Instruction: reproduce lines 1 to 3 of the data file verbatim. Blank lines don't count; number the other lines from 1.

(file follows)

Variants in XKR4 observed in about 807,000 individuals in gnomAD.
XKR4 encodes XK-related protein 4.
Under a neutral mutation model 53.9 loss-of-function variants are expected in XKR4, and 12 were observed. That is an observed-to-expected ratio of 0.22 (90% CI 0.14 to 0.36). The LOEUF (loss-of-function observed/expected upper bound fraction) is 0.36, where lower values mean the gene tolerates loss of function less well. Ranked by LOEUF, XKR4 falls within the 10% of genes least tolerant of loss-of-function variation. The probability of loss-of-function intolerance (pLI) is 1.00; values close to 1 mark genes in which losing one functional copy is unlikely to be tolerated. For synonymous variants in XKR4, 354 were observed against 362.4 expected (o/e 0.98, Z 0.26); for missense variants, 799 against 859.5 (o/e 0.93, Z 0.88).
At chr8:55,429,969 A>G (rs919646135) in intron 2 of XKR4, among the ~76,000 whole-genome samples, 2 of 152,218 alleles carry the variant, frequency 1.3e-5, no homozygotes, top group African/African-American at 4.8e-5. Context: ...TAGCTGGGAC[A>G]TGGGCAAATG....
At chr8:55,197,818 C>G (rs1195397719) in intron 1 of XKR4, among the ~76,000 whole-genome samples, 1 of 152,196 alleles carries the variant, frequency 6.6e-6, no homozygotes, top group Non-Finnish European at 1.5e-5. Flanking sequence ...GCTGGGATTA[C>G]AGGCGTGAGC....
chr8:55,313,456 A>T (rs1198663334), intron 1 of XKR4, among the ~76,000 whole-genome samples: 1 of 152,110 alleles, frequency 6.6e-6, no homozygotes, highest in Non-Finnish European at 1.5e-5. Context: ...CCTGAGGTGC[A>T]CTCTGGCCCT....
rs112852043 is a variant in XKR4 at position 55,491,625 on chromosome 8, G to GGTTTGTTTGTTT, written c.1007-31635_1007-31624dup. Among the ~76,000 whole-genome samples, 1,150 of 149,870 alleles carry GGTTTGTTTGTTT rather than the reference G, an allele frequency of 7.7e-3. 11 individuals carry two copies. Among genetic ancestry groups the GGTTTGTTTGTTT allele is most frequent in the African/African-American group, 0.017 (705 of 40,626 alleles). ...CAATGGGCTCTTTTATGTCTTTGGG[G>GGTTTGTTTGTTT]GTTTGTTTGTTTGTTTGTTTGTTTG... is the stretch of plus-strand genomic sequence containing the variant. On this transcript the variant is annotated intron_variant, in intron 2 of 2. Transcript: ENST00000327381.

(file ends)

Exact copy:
Variants in XKR4 observed in about 807,000 individuals in gnomAD.
XKR4 encodes XK-related protein 4.
Under a neutral mutation model 53.9 loss-of-function variants are expected in XKR4, and 12 were observed. That is an observed-to-expected ratio of 0.22 (90% CI 0.14 to 0.36). The LOEUF (loss-of-function observed/expected upper bound fraction) is 0.36, where lower values mean the gene tolerates loss of function less well. Ranked by LOEUF, XKR4 falls within the 10% of genes least tolerant of loss-of-function variation. The probability of loss-of-function intolerance (pLI) is 1.00; values close to 1 mark genes in which losing one functional copy is unlikely to be tolerated. For synonymous variants in XKR4, 354 were observed against 362.4 expected (o/e 0.98, Z 0.26); for missense variants, 799 against 859.5 (o/e 0.93, Z 0.88).